If one name from the 1930s stood out for wrestling fans of the 1970s that name was Atholl Oakeley. Much of the wrestling history of Britain in the 1930s was dictated by Edward Atholl Oakeley and the publication of his 1971 story of All-In Wrestling, Blue Blood on the Mat. It's a good read, which we highly recommend, but it's an interpretation that we have consistently challenged in our own series documenting that time, A Year of Wrestling.
Whilst not questioning Oakeley's influence on the 1930's revival, or denying his recognition as the British heavyweight championship we do question the invincibility portrayed in Blue Blood On The Mat. Great names of the 1930s, like Douglas Clark, George Clark and Bert Assirati, received little recognition in Oakeley’s recorded history. We have never taken anything away from Oakeley and his achievements, just acknowledged that there was more to the story of British wrestling than the one portrayed in Blue Blood On The Mat.
Whilst many professional wrestlers of the 1930s came from humble origins this was not the case of Atholl Oakeley. His grandfather was Charles William Oakley 4th baronet of Shrewsbury. Born on 31st May, 1900 Atholl Oakeley succeeded his cousin, whose son was pre-deceased, as the 7th baronet of Shrewsbury.
Atholl's father, Major Edward Francis Oakeley, served in the army. Atholl was educated at Clifton College, Bristol, and the Royal Military College, Sandhurst. He reached the rank of Lieutenant whilst serving in the Oxford and Buckinghamshire Light Infantry. In 1959 Edward Atholl Oakeley inherited the title 7th Baronet of Shrewsbury, from his cousin, Charles Richard, who had died without an heir. A far cry from the humble origins of most of the others with whom he shared a ring.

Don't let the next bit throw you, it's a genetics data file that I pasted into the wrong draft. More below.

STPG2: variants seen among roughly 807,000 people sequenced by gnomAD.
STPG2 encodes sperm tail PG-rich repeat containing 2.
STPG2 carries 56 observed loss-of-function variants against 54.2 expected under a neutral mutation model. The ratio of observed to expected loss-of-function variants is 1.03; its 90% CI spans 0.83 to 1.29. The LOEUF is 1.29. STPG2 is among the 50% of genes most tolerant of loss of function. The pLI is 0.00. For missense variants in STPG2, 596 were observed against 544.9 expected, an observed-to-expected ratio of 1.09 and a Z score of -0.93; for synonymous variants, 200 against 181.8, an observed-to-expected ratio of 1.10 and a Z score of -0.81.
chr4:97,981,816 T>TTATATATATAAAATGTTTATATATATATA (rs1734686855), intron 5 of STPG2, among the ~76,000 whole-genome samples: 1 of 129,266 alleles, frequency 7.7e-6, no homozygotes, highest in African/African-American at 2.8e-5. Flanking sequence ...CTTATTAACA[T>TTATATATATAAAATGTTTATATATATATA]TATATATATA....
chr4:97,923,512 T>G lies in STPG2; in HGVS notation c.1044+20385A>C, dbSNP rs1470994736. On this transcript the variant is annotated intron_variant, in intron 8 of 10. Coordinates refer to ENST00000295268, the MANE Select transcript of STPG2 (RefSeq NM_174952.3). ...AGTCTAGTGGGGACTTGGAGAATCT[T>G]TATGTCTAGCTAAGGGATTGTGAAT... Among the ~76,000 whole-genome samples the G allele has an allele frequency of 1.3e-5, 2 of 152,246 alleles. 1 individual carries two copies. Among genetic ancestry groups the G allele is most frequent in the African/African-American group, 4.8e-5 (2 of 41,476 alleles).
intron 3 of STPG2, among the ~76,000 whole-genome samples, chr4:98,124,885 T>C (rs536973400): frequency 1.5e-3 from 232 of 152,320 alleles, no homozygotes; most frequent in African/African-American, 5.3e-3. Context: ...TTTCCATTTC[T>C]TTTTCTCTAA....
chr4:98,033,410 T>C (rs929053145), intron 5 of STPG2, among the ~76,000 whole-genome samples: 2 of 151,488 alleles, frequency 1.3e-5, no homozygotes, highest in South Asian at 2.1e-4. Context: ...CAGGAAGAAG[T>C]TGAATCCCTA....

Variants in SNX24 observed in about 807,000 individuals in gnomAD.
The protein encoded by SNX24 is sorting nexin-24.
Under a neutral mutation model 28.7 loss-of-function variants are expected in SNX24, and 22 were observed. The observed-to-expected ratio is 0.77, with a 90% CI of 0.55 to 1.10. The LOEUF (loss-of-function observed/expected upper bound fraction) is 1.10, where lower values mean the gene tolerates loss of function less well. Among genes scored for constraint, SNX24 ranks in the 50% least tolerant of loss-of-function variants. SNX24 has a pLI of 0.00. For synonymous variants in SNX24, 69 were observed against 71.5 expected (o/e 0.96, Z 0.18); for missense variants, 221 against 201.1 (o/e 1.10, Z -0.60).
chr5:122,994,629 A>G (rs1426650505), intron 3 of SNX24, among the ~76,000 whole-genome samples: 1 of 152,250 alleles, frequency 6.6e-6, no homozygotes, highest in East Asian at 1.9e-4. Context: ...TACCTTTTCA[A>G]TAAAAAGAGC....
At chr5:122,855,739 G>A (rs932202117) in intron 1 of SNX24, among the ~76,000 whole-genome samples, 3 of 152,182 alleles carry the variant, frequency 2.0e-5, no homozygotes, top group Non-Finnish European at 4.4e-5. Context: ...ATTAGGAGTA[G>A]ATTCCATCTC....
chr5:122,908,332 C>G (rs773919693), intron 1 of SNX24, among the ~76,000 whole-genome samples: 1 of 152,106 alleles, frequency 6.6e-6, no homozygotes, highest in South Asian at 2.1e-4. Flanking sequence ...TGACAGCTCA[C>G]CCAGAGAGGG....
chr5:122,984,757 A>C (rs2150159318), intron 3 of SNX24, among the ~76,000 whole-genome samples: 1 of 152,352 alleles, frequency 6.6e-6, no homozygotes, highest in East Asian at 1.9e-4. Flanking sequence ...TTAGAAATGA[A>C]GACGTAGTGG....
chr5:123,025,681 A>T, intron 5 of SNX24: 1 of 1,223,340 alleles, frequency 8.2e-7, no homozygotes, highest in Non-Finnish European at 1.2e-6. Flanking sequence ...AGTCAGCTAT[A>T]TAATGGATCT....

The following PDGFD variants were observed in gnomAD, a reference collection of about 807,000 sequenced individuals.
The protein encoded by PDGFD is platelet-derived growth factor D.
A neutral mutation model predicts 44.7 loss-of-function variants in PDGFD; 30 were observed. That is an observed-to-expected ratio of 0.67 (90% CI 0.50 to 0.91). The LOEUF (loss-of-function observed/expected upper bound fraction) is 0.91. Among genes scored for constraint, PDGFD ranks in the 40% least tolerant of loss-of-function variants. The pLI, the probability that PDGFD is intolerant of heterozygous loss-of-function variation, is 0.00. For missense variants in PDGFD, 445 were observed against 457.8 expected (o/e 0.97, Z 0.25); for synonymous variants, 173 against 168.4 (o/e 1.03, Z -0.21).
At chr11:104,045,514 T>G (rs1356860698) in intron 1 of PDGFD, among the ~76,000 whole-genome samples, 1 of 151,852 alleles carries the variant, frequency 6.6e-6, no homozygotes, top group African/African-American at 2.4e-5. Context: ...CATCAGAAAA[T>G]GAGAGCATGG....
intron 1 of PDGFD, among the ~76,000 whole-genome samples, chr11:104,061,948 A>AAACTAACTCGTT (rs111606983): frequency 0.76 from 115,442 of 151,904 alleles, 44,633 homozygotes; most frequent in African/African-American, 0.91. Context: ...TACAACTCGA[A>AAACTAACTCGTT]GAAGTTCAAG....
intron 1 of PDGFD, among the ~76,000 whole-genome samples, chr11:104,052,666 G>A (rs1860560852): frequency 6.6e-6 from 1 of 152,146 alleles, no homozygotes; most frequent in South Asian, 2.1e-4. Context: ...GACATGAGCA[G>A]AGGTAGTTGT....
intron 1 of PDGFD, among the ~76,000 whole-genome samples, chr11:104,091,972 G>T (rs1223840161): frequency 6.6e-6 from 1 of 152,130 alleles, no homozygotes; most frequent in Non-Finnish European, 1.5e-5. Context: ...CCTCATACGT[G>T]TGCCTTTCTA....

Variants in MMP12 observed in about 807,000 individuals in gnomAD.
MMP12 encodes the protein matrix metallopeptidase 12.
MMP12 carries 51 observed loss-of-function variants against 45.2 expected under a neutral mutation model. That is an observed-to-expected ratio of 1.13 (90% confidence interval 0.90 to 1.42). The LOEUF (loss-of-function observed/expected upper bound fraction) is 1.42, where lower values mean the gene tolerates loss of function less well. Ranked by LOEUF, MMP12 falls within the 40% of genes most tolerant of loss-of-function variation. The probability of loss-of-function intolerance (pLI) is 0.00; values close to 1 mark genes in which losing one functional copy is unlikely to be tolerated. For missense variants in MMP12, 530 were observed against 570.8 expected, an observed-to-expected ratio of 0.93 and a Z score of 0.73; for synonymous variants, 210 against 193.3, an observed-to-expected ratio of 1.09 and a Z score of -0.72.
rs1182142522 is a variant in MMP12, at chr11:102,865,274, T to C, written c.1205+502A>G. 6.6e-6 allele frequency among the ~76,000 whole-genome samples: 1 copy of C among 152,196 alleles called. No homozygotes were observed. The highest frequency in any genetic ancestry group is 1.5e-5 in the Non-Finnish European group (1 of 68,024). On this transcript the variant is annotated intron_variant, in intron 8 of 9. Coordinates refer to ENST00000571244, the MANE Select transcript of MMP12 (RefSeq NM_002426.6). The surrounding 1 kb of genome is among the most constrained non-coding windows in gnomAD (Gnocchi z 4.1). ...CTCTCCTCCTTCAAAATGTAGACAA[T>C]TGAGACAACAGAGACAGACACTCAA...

In Blue Blood On The Mat Atholl wrote that his interest in wrestling was ignited after he had been set upon by three men in broad delight on a London street. He enrolled at the Ashdown Club, and certainly went on to become one of Britain's top amateur wrestlers. Without Oakeley's energy and determination the revival of professional wrestling in the 1930s would almost certainly have been delayed. Atholl turned professional in December 1930, and on 19th February, 1931, a meeting was convened and a unanimous decision was taken to suspend the amateur status of Atholl Oakeley (and a number of others) for infraction of the laws of amateurism.
Atholl quickly established himself as one of the country's top professionals, though admittedly in those formative years the participants consisted of newcomers, ageing stars from the early years of the century, and a collection of veterans and novices from overseas. Despite losing to Douglas Clark in a British heavyweight championship contest in March, 1931 he went on to claim the title, often on the shows that he promoted himself.
In May, 1931, Atholl visited the United States where he undoubtedly learned a great deal about the new style of wrestling, and how to promote it, which he put to good use on his return to Britain. P.J. Moss reported in the Daily Mirror that he admired Oakeley's pluck for going to America and that the Briton "has the heart of a lion and won't be beaten."